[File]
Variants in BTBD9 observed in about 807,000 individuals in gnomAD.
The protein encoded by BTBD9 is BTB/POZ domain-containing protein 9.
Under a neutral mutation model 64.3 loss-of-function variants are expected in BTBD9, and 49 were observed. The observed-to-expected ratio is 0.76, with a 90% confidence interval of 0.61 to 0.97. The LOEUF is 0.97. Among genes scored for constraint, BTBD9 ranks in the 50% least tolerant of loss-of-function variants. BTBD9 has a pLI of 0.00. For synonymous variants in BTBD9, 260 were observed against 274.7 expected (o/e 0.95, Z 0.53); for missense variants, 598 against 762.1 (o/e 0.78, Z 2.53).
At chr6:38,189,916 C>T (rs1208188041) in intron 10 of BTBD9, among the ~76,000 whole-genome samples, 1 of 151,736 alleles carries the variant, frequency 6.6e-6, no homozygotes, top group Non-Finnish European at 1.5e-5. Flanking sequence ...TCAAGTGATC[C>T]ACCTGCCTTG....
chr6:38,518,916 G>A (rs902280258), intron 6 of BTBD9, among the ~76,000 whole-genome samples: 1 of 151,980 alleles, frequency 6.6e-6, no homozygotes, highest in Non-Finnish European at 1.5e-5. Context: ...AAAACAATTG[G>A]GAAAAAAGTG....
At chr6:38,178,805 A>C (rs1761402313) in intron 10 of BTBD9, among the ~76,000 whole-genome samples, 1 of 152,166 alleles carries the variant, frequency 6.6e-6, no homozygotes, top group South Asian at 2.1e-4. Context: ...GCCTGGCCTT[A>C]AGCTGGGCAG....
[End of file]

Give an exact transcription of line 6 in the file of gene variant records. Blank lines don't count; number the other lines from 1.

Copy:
At chr6:38,178,805 A>C (rs1761402313) in intron 10 of BTBD9, among the ~76,000 whole-genome samples, 1 of 152,166 alleles carries the variant, frequency 6.6e-6, no homozygotes, top group South Asian at 2.1e-4. Context: ...GCCTGGCCTT[A>C]AGCTGGGCAG....